A preferred material of this type is a blend or mixture of a polymer according to the present invention with a C60 or C70 fullerene or modified fullerene like PCBM. Preferably the ratio polymer:fullerene is from 2:1 to 1:2 by weight, more preferably from 1.2:1 to 1:1.2 by weight, most preferably 1:1 by weight. For the blended mixture, an optional annealing step may be necessary to optimize blend morphology and consequently OPV device performance.

The OPV device can for example be of any type known from the literature [see e.g. Waldauf et al., Appl. Phys. Lett. 89, 233517 (2006)].

FIG. 1 exemplarily and schematically depicts a typical and preferred OPV device according to the present invention, comprising:

    • a low work function electrode (11) (for example a metal, such as aluminum), and a high work function electrode (12) (for example ITO), one of which is transparent,
    • a layer (13) (also referred to as “active layer”) comprising a hole transporting material and an electron transporting material, preferably selected from OSC materials, situated between the electrodes (11,12); the active layer can exist for example as a bilayer or two distinct layers or blend or mixture of p-type and n-type semiconductor, forming a bulk heterjunction (BHJ) (see for example Coakley, K. M. and McGehee, M. D. Chem. Mater. 2004, 16, 4533),
    • an optional conducting polymer layer (14), for example comprising a blend of PEDOT:PSS (poly(3,4-ethylenedioxythiophene): poly(styrenesulfonate)), situated between the active layer (13) and the high work function electrode (12), to modify the work function of the high work function electrode to provide an ohmic contact for holes,
    • an optional coating (15) (for example of LiF) on the side of the low workfunction electrode (11) facing the active layer (13), to provide an ohmic contact for electrons.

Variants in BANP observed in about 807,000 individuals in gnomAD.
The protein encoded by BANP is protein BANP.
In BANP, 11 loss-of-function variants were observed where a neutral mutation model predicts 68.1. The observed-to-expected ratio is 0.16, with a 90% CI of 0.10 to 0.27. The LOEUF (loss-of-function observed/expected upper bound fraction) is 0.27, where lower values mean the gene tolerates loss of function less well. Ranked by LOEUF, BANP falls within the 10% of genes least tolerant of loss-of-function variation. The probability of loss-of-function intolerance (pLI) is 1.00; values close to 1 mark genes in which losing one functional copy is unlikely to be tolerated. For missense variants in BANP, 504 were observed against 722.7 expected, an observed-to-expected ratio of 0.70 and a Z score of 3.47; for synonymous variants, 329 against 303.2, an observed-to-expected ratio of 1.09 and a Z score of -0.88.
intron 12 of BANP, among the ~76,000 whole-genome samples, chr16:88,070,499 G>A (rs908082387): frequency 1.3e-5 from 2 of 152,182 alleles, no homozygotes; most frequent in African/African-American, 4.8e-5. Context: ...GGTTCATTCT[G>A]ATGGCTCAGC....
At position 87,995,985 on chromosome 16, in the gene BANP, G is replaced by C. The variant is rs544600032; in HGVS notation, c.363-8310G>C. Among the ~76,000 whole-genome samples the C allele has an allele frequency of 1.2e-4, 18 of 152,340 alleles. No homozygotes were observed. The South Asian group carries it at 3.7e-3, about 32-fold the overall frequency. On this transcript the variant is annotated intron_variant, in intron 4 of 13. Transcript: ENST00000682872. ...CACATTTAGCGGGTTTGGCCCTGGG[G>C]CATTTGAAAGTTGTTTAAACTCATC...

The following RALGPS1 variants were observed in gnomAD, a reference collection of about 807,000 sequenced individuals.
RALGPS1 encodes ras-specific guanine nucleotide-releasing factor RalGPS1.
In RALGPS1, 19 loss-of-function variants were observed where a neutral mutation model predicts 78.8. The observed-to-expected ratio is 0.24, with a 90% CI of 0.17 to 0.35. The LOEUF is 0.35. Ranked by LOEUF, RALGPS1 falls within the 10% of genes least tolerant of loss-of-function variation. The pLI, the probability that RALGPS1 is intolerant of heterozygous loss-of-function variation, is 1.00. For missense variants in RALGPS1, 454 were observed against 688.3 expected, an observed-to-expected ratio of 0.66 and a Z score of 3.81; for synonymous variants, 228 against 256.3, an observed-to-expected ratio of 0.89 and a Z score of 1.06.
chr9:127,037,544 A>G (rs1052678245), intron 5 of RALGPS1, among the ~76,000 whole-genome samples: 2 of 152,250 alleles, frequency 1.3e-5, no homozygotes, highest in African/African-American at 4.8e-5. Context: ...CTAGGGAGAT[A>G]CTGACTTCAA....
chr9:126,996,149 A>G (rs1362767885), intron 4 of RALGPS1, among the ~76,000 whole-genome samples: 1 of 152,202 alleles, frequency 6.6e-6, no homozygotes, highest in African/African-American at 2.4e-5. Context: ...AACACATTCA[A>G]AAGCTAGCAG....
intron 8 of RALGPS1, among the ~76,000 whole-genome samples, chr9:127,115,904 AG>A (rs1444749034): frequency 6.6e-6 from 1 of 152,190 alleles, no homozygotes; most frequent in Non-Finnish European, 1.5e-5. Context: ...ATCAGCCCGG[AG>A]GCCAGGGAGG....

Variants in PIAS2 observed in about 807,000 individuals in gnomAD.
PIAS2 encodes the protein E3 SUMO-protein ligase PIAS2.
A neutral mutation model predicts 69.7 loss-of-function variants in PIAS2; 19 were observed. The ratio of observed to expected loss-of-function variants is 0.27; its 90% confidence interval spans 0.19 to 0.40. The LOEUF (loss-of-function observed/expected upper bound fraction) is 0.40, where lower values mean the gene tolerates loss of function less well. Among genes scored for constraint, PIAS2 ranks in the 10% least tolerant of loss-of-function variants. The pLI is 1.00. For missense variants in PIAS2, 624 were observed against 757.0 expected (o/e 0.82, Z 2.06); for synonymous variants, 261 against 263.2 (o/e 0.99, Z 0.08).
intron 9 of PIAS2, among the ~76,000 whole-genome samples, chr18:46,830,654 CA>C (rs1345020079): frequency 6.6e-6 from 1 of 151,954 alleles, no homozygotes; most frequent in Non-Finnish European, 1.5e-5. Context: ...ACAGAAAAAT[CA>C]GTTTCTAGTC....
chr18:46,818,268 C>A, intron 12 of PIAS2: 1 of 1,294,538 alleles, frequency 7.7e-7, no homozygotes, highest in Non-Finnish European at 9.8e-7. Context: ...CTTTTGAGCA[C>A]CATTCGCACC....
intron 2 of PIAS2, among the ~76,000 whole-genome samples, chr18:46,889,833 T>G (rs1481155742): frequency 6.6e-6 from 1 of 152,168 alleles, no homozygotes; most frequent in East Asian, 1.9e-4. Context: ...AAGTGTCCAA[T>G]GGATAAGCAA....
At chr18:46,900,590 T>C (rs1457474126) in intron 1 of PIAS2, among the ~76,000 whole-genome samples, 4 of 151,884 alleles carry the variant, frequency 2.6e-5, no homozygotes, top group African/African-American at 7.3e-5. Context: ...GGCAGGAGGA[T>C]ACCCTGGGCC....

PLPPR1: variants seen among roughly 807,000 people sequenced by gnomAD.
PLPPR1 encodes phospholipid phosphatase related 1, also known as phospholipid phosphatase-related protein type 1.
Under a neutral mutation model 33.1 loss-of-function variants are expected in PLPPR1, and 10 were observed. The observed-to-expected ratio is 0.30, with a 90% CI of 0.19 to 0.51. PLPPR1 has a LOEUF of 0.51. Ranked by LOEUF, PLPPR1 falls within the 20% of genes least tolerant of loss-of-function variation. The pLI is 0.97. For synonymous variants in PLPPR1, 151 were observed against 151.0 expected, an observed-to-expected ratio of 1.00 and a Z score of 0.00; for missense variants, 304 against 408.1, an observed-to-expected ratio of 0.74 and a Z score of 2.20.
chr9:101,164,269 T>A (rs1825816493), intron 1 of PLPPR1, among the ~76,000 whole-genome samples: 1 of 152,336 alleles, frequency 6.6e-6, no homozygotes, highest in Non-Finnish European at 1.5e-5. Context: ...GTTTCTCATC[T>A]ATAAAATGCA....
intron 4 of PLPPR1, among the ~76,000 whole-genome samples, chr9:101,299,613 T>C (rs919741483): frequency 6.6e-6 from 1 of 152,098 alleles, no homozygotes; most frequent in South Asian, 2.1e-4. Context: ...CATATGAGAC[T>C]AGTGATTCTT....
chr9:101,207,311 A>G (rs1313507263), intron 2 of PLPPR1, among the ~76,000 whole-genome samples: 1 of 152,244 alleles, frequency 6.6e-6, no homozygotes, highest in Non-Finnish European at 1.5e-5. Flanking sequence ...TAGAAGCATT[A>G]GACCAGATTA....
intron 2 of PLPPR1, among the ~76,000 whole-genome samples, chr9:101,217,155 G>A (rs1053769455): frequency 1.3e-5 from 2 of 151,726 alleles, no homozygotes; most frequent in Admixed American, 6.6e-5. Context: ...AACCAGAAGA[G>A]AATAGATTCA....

FIG. 2 exemplarily and schematically depicts a typical and preferred inverted OPV device according to the present invention, comprising:

    • a low work function electrode (21) (for example a metal, such as gold), and a high work function electrode (22) (for example ITO), one of which is transparent,
    • a layer (23) (also referred to as “active layer”) comprising a hole transporting material and an electron transporting material, preferably selected from OSC materials, situated between the electrodes (21,22); the active layer can exist for example as a bilayer or two distinct layers or blend or mixture of p-type and n-type semiconductor, forming a BHJ,
    • an optional conducting polymer layer (24), for example comprising a blend of PEDOT:PSS, situated between the active layer (23) and the low work function electrode (21) to provide an ohmic contact for electrons,
    • an optional coating (25) (for example of TiOx) on the side of the high workfunction electrode (22) facing the active layer (23), to provide an ohmic contact for holes.

In the OPV devices of the present invent invention as exemplarily depicted in FIGS. 1 and 2, the p-type and n-type semiconductor materials are preferably selected from the materials, like the polymer/fullerene systems, as described above. If the bilayer is a blend an optional annealing step may be necessary to optimize device performance.